FYF Fest 2014, Day 1: Grimes, Slowdive, Little Dragon, Real Estate and more on The Lawn



Reviews: Grimes, Slowdive, Little Dragon, Real Estate, Mariachi El Bronx


You Should Have Been Here Because: The post-Interpol crowd seemed to herd en masse back around the Coliseum, cruising briskly past Boris’ experimental metal, for Grimes’ closing performance/dance party. Flanked by a pair of backup dancers, and at least that many fans blowing upward from below, Claire Boucher whipped her hair back and forth as her electro-pop sound boomed through The Lawn. The surging bassline of her hit “Oblivion” drew the biggest response of the set, and once the percussion came in, heads were bobbing up and down in the beautiful crowd like waves on a restless sea as she sang the chorus, “See you on a dark night.” Songs blended into one another, keeping the energy up throughout the almost hour-long set. She later brought out Mike Diamond, aka Blood Diamonds, for two songs, “Phone Sex” and new single “Go,” with a dubby wobble that had ’em all dancing hard, before closing with the feel-good, crowd-favorite “Genesis” from 2012’s “Visions.”
Downside: I guess it doesn’t matter if you forget the words to one of your most popular songs, so long as the beat is banging and crowd is singing every lyrics anyway.
Postscript: By “beautiful crowd,” I mean there were thousands of attractive people in attendance, and the song “Dream Weaver” kept going off in my head every which way I turned. If my future wife was in the crowd, maybe I’ll see you at Darkside tomorrow?
– Andrew Veeder



You Should Have Been Here Because: Playing on a grassy expanse only steps from Los Angeles’ biggest home for dinosaurs (the adjacent Natural History Museum), the shoegaze progenitors proved their music anything but extinct. Playing to a large (but not massive) cross-generational crowd in the gathering dusk, the U.K. quintet looked young, sounded young and all but expunged the memory of FYF’s previous great shoegazer reunion, My Bloody Valentine’s sound-problem-plagued set last year. There were four songs from Slowdive’s sublime second album “Souvlaki” (“Alison,” “Souvlaki Space Station,” “When the Sun Hits” and “Machine Gun”), the first two songs from their first EP in 1990 (“Slowdive” and “Avalyn”), the single “She Calls” and a song apiece (“Catch the Breeze” and “Crazy for You”) from their other two full-lengths. None of it sounded two decades old, especially with the preponderance of nu-gazers approximating Slowdive’s aesthetic today, and on the FYF Transcendence Scale, it ranked right up there with Explosions in the Sky’s festival-closing set in 2011. During the sweet tsunami of a closer – the Syd Barrett cover “Golden Hair” – I threw back the hoodie I’d donned to shut out nearby conversations and tilted my face to the sky, seeing a jetliner glide past in the gloaming, lights blinking. It was perfect.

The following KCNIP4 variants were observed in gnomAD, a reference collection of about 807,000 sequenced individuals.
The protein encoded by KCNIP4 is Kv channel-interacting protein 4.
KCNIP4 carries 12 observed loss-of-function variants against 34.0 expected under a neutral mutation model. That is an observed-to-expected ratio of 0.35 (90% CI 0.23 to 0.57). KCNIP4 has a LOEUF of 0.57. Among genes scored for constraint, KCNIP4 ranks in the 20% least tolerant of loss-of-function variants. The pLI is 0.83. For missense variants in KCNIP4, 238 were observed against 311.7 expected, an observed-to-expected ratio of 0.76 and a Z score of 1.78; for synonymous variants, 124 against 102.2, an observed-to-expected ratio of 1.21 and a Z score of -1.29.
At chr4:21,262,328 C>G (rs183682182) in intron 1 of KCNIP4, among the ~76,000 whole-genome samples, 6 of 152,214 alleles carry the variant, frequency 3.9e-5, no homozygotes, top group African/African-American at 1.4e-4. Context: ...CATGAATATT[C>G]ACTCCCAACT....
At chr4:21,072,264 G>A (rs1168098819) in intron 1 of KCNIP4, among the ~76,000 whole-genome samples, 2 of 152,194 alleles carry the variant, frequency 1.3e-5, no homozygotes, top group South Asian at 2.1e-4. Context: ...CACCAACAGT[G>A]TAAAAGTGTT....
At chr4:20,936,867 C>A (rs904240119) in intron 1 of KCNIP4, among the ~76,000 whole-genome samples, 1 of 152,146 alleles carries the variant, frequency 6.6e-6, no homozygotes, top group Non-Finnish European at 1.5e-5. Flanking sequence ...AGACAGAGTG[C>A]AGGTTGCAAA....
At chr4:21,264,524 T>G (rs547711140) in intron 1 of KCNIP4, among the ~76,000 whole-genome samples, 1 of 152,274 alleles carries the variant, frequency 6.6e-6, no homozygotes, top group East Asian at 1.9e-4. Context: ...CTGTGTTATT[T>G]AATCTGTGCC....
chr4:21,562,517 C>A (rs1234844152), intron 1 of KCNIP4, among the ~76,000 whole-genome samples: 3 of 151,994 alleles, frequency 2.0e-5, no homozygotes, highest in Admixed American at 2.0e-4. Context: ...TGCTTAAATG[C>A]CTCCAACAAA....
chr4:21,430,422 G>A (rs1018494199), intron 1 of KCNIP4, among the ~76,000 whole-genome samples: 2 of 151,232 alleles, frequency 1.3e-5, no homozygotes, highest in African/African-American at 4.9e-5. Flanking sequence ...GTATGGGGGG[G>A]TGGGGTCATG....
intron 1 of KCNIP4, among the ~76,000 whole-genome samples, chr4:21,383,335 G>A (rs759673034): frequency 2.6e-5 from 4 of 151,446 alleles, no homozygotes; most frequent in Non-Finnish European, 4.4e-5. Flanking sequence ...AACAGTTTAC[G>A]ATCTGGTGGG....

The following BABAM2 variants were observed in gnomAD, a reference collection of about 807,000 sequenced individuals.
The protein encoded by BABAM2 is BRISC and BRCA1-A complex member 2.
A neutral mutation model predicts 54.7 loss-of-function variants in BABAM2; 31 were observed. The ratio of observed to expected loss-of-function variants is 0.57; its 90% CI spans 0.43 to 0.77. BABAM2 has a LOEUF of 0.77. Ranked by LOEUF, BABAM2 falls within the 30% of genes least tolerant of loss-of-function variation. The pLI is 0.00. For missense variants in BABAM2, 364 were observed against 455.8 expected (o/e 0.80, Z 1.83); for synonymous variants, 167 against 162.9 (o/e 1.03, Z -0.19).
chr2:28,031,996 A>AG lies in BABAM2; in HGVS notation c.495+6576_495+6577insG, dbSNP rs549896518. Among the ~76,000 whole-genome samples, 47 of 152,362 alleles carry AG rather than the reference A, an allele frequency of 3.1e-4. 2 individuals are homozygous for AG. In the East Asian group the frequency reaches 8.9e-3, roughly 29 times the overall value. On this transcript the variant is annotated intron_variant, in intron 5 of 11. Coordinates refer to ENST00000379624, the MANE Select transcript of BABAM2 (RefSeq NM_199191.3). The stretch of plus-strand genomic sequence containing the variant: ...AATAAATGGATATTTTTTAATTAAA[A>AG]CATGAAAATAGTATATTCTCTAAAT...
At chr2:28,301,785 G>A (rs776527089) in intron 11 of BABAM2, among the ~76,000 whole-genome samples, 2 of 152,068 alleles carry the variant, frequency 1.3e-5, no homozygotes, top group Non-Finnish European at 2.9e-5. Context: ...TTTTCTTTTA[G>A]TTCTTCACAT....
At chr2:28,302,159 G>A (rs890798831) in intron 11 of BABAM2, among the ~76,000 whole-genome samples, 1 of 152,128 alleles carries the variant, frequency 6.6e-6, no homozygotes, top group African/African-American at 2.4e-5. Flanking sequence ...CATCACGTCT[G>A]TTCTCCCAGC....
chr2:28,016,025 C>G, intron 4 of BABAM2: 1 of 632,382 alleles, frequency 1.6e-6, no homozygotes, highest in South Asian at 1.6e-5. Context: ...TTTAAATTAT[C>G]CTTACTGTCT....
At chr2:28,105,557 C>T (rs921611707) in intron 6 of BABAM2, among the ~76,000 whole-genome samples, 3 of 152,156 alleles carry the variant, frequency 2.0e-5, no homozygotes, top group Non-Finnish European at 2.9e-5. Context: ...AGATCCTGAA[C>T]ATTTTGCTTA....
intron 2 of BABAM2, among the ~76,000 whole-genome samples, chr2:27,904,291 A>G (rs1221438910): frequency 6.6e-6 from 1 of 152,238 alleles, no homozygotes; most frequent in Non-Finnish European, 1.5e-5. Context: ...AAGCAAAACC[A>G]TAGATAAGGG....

Downside: November seems like a long way off. That’s when Slowdive will return to play the Theatre at Ace Hotel.
Postscript: Props to the guy in the Charlatans U.K. 1991 T-shirt.